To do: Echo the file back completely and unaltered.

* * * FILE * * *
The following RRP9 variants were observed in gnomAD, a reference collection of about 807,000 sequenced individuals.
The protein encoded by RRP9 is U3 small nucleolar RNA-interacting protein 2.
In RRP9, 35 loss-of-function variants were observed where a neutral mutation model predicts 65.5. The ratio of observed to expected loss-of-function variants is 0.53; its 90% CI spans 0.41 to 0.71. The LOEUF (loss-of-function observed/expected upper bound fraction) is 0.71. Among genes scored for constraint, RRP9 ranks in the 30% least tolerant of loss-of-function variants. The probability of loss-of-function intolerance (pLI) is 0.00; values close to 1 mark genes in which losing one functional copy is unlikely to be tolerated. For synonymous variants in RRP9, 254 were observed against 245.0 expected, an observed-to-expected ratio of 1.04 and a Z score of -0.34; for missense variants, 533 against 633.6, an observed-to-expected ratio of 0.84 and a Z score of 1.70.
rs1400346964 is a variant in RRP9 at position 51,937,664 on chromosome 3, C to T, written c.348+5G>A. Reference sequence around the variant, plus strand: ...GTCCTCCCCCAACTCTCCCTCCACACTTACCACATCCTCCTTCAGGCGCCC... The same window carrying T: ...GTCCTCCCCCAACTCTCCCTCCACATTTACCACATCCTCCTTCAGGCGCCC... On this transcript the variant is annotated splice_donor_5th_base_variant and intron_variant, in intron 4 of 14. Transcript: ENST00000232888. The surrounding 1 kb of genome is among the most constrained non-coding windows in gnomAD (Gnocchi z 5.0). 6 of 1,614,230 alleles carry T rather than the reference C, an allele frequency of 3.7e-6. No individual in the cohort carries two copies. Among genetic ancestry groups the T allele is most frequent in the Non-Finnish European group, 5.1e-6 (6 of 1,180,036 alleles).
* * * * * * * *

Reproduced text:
The following RRP9 variants were observed in gnomAD, a reference collection of about 807,000 sequenced individuals.
The protein encoded by RRP9 is U3 small nucleolar RNA-interacting protein 2.
In RRP9, 35 loss-of-function variants were observed where a neutral mutation model predicts 65.5. The ratio of observed to expected loss-of-function variants is 0.53; its 90% CI spans 0.41 to 0.71. The LOEUF (loss-of-function observed/expected upper bound fraction) is 0.71. Among genes scored for constraint, RRP9 ranks in the 30% least tolerant of loss-of-function variants. The probability of loss-of-function intolerance (pLI) is 0.00; values close to 1 mark genes in which losing one functional copy is unlikely to be tolerated. For synonymous variants in RRP9, 254 were observed against 245.0 expected, an observed-to-expected ratio of 1.04 and a Z score of -0.34; for missense variants, 533 against 633.6, an observed-to-expected ratio of 0.84 and a Z score of 1.70.
rs1400346964 is a variant in RRP9 at position 51,937,664 on chromosome 3, C to T, written c.348+5G>A. Reference sequence around the variant, plus strand: ...GTCCTCCCCCAACTCTCCCTCCACACTTACCACATCCTCCTTCAGGCGCCC... The same window carrying T: ...GTCCTCCCCCAACTCTCCCTCCACATTTACCACATCCTCCTTCAGGCGCCC... On this transcript the variant is annotated splice_donor_5th_base_variant and intron_variant, in intron 4 of 14. Transcript: ENST00000232888. The surrounding 1 kb of genome is among the most constrained non-coding windows in gnomAD (Gnocchi z 5.0). 6 of 1,614,230 alleles carry T rather than the reference C, an allele frequency of 3.7e-6. No individual in the cohort carries two copies. Among genetic ancestry groups the T allele is most frequent in the Non-Finnish European group, 5.1e-6 (6 of 1,180,036 alleles).